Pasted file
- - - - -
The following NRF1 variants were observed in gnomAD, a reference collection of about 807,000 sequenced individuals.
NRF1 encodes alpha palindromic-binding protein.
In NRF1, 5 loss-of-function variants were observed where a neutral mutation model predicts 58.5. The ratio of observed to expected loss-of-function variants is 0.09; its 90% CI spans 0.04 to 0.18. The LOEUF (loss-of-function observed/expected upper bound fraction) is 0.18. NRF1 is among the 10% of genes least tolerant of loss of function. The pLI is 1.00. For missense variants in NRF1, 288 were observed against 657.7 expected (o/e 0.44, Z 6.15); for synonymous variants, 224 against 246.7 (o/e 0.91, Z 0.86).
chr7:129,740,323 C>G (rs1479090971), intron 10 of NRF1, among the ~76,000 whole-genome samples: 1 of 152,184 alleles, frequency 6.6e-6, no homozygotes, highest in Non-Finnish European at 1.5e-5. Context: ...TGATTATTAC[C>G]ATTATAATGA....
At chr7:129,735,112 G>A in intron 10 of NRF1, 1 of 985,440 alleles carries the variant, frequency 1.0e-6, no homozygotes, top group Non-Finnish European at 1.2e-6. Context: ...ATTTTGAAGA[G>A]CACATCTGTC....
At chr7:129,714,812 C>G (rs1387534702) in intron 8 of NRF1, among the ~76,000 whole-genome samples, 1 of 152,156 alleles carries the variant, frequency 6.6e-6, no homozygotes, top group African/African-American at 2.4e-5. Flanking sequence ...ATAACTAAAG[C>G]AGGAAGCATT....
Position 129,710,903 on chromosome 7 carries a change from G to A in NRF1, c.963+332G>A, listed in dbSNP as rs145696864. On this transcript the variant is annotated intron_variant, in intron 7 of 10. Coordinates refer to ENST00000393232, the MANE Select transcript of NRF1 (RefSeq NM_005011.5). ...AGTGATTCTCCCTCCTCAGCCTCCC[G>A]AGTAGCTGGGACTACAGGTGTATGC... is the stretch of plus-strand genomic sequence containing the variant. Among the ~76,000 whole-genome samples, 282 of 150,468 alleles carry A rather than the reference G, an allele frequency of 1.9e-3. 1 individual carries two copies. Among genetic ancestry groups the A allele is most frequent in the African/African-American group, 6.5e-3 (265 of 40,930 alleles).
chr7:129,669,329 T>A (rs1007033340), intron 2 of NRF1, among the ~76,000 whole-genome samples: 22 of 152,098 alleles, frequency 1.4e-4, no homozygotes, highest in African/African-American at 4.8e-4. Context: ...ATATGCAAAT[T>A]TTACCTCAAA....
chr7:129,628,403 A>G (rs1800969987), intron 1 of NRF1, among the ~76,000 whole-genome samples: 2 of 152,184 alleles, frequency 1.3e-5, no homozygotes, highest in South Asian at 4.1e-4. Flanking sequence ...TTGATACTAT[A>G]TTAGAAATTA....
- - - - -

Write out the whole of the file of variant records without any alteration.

The following NRF1 variants were observed in gnomAD, a reference collection of about 807,000 sequenced individuals.
NRF1 encodes alpha palindromic-binding protein.
In NRF1, 5 loss-of-function variants were observed where a neutral mutation model predicts 58.5. The ratio of observed to expected loss-of-function variants is 0.09; its 90% CI spans 0.04 to 0.18. The LOEUF (loss-of-function observed/expected upper bound fraction) is 0.18. NRF1 is among the 10% of genes least tolerant of loss of function. The pLI is 1.00. For missense variants in NRF1, 288 were observed against 657.7 expected (o/e 0.44, Z 6.15); for synonymous variants, 224 against 246.7 (o/e 0.91, Z 0.86).
chr7:129,740,323 C>G (rs1479090971), intron 10 of NRF1, among the ~76,000 whole-genome samples: 1 of 152,184 alleles, frequency 6.6e-6, no homozygotes, highest in Non-Finnish European at 1.5e-5. Context: ...TGATTATTAC[C>G]ATTATAATGA....
At chr7:129,735,112 G>A in intron 10 of NRF1, 1 of 985,440 alleles carries the variant, frequency 1.0e-6, no homozygotes, top group Non-Finnish European at 1.2e-6. Context: ...ATTTTGAAGA[G>A]CACATCTGTC....
At chr7:129,714,812 C>G (rs1387534702) in intron 8 of NRF1, among the ~76,000 whole-genome samples, 1 of 152,156 alleles carries the variant, frequency 6.6e-6, no homozygotes, top group African/African-American at 2.4e-5. Flanking sequence ...ATAACTAAAG[C>G]AGGAAGCATT....
Position 129,710,903 on chromosome 7 carries a change from G to A in NRF1, c.963+332G>A, listed in dbSNP as rs145696864. On this transcript the variant is annotated intron_variant, in intron 7 of 10. Coordinates refer to ENST00000393232, the MANE Select transcript of NRF1 (RefSeq NM_005011.5). ...AGTGATTCTCCCTCCTCAGCCTCCC[G>A]AGTAGCTGGGACTACAGGTGTATGC... is the stretch of plus-strand genomic sequence containing the variant. Among the ~76,000 whole-genome samples, 282 of 150,468 alleles carry A rather than the reference G, an allele frequency of 1.9e-3. 1 individual carries two copies. Among genetic ancestry groups the A allele is most frequent in the African/African-American group, 6.5e-3 (265 of 40,930 alleles).
chr7:129,669,329 T>A (rs1007033340), intron 2 of NRF1, among the ~76,000 whole-genome samples: 22 of 152,098 alleles, frequency 1.4e-4, no homozygotes, highest in African/African-American at 4.8e-4. Context: ...ATATGCAAAT[T>A]TTACCTCAAA....
chr7:129,628,403 A>G (rs1800969987), intron 1 of NRF1, among the ~76,000 whole-genome samples: 2 of 152,184 alleles, frequency 1.3e-5, no homozygotes, highest in South Asian at 4.1e-4. Flanking sequence ...TTGATACTAT[A>G]TTAGAAATTA....